Surfer's Point, Ventura, CA
 


After partially eroding, a bike path at Surfer's Point had to be removed and relocated inland. Image courtesy of venturariver.org

Just 40 miles to the south of Goleta Beach, Ventura’s popular Surfer’s Point serves as a model for what could soon take place at Goleta. After attempting to bolster the shoreline with boulders to protect a bike path and parking lot that were being eaten away by waves, erosion intensified down the coast. Proposals of an underground seawall, which would have ruined the breakpoint—and thus, the namesake—at Surfer’s Point were briefly considered as an alternative, but managed retreat was decided upon as the ideal way to maintain natural sediment patterns and restore the beach.

The project
, which was led in part by Louis White, PE, and Bob Battalio, PE, of ESA PWA—who are working closely with SPUR on the Ocean Beach Master Plan—included relocation of the existing bike path and parking lot 60 feet inland, then the removal of riprap and its replacement with thousands of tons of sand and cobble stone. The beach is currently being returned to native dune ecology.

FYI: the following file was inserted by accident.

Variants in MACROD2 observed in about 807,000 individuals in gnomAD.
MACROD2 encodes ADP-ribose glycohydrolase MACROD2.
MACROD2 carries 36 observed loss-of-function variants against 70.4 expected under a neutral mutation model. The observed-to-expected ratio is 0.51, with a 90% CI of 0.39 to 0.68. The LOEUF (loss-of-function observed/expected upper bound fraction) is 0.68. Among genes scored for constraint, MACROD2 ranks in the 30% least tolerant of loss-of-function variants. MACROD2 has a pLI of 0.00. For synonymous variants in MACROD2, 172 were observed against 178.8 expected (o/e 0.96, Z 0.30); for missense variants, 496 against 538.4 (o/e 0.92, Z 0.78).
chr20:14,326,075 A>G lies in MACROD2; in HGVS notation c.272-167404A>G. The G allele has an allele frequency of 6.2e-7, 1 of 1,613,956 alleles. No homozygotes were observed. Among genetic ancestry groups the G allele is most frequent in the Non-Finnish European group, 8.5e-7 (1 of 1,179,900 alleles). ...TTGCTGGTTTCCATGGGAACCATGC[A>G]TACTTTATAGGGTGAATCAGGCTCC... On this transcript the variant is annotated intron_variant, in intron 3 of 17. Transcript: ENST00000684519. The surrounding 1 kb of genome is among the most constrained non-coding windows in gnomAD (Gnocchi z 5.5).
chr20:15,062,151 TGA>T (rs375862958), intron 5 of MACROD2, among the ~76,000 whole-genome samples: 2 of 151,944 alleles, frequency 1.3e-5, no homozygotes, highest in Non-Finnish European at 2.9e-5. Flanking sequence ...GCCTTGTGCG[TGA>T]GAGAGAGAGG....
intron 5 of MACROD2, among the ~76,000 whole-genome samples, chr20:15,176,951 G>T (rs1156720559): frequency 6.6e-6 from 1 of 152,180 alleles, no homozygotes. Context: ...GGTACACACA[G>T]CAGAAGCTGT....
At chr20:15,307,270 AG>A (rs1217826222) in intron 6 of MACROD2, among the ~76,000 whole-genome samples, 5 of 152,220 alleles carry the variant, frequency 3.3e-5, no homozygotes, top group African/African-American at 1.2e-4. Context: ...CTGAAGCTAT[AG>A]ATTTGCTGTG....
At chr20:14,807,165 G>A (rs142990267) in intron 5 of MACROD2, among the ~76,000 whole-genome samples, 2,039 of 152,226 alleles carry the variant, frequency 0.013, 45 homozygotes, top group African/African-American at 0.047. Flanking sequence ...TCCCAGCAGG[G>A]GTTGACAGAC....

Ocean Beach Master Plan
The Ocean Beach Master Plan (OBMP) recommends managed retreat south of Sloat Boulevard, a long-term process that would involve the removal of the Great Highway and the creation of a multi-use recreational trail connecting to Fort Funston. Most importantly, it would allow for the restoration of native dunes, increasing the recreational and ecological function of the area. The OBMP also recommends narrowing the Great Highway between Lincoln and Sloat in order to create a multimodal promenade and allow for a natural dunescape.

Weighing the Costs and Benefits of Relocation